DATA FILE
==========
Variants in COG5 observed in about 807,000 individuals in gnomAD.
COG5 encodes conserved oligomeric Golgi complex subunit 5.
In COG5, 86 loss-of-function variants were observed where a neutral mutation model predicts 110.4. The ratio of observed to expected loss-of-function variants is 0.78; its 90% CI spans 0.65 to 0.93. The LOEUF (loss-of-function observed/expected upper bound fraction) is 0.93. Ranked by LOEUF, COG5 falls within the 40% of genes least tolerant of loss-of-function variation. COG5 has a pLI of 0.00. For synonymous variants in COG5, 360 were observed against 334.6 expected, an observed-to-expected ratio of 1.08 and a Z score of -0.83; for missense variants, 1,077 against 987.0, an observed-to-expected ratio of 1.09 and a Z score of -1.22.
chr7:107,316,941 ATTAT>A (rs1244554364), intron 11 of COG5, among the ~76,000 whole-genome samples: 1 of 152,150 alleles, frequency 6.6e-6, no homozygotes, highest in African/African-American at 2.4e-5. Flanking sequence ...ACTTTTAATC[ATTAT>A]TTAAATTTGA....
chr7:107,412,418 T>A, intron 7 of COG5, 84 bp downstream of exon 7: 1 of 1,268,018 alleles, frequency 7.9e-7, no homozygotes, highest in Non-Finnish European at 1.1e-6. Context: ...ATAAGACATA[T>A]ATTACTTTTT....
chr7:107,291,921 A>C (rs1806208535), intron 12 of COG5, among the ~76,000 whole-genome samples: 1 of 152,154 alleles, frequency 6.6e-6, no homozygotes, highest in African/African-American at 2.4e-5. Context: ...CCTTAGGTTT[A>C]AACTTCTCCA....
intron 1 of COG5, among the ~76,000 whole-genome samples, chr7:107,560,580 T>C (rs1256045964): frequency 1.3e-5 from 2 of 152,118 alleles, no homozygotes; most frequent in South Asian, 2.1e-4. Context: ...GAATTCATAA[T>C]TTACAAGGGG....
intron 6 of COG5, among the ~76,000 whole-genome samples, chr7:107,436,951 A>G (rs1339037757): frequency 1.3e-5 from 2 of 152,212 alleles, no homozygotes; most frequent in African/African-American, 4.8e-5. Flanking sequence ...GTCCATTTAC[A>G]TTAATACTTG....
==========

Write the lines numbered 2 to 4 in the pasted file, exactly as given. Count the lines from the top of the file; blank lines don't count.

COG5 encodes conserved oligomeric Golgi complex subunit 5.
In COG5, 86 loss-of-function variants were observed where a neutral mutation model predicts 110.4. The ratio of observed to expected loss-of-function variants is 0.78; its 90% CI spans 0.65 to 0.93. The LOEUF (loss-of-function observed/expected upper bound fraction) is 0.93. Ranked by LOEUF, COG5 falls within the 40% of genes least tolerant of loss-of-function variation. COG5 has a pLI of 0.00. For synonymous variants in COG5, 360 were observed against 334.6 expected, an observed-to-expected ratio of 1.08 and a Z score of -0.83; for missense variants, 1,077 against 987.0, an observed-to-expected ratio of 1.09 and a Z score of -1.22.
chr7:107,316,941 ATTAT>A (rs1244554364), intron 11 of COG5, among the ~76,000 whole-genome samples: 1 of 152,150 alleles, frequency 6.6e-6, no homozygotes, highest in African/African-American at 2.4e-5. Flanking sequence ...ACTTTTAATC[ATTAT>A]TTAAATTTGA....